City releases Bicycle Count report
Calgarians love their bicycles, and the City has the numbers to prove it.
Released as part of the City of Calgary’s first ever official bike count, data collected by the city showed over 19,000 cyclists passed by one of 51 collection points during two six-hour periods (6:30-9:30 a.m. and 3:30-6:30 p.m.) in May, June and July.
“The data which has been collected is similar to that of the City of Calgary Bicycle Program Yearbook released earlier this year, but provides more comprehensive detail and analysis,” says Ekke Kok, manager of Transportation Data.
According to the report, the city’s cycling hotspot was where the Bow River Pathway meets Crowchild Trail S.W., with 2,787 cyclists. The second busiest spot was along the Bow River pathway at 11 St. S.W., which saw 2,452 cyclists. Rounding out the top three locations was the Prince’s Island Bridge over Memorial Drive, which saw 916 cyclists.
Other findings in the report showed 70 per cent of cyclists in Calgary were male compared to just 21 per cent female riders. A large majority of Calgary cyclists also opted to stay safe, with 86 per cent of those counted choosing to wear a helmet during their ride.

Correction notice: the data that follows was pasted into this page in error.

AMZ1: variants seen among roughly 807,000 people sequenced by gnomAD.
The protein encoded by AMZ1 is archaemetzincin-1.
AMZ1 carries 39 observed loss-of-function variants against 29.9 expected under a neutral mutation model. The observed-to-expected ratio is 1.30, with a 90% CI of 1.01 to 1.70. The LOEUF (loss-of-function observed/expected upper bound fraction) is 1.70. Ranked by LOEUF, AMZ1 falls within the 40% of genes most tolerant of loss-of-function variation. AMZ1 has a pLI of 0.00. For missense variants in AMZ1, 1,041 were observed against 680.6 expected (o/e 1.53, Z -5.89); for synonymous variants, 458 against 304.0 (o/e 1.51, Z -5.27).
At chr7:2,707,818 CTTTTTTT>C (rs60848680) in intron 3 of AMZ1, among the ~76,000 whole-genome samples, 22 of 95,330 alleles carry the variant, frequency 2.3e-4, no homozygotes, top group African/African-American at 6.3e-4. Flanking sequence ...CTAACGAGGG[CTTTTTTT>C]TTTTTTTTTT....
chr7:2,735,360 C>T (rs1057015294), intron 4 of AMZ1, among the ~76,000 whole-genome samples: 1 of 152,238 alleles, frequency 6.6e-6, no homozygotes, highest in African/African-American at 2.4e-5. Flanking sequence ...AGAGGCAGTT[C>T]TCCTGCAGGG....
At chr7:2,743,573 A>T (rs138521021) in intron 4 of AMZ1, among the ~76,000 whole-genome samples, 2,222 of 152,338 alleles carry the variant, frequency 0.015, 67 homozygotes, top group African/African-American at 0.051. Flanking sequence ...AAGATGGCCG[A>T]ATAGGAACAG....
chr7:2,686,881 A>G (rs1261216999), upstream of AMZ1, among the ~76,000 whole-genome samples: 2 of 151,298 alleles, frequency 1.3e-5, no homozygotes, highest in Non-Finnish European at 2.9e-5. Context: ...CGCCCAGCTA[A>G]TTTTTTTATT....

“The Bicycle Count report is a best practice of bike-friendly cities in North America,” said Calgary bicycle co-ordinator Thomas Thivener. “By conducting a trend analysis of the number of cyclists in Calgary, broken down by gender, age and helmet use, we can monitor the demographic trends of bicycle riders across the city.”
To help the City’s vision of becoming a more bike-friendly community, Council approved and funded the Cycling Strategy in 2011, which was guided by policies in the Calgary Transportation Plan (2009). Since being adopted, the city has seen the addition of the Seventh Street S.W. cycle track.
Originally forecast to see trips daily, the number of cyclists along the route has been more than double, with more than 1,000 trips counted in July and August of last year.
The City recently announced plans for “buffered” bike lanes along Northland Drive in northwest Calgary. The partially separated lanes will replace the previous lanes along the roadway, which were merely painted dividers. According to the City, the change reflects the feedback of citizens, who had expressed concerns over pinch points along the route and poorly marked intersections and road signs.
According to a survey conducted by the city, 19 per cent of Calgarians already ride at least once a week, and 59 per cent said they would like to cycle more often.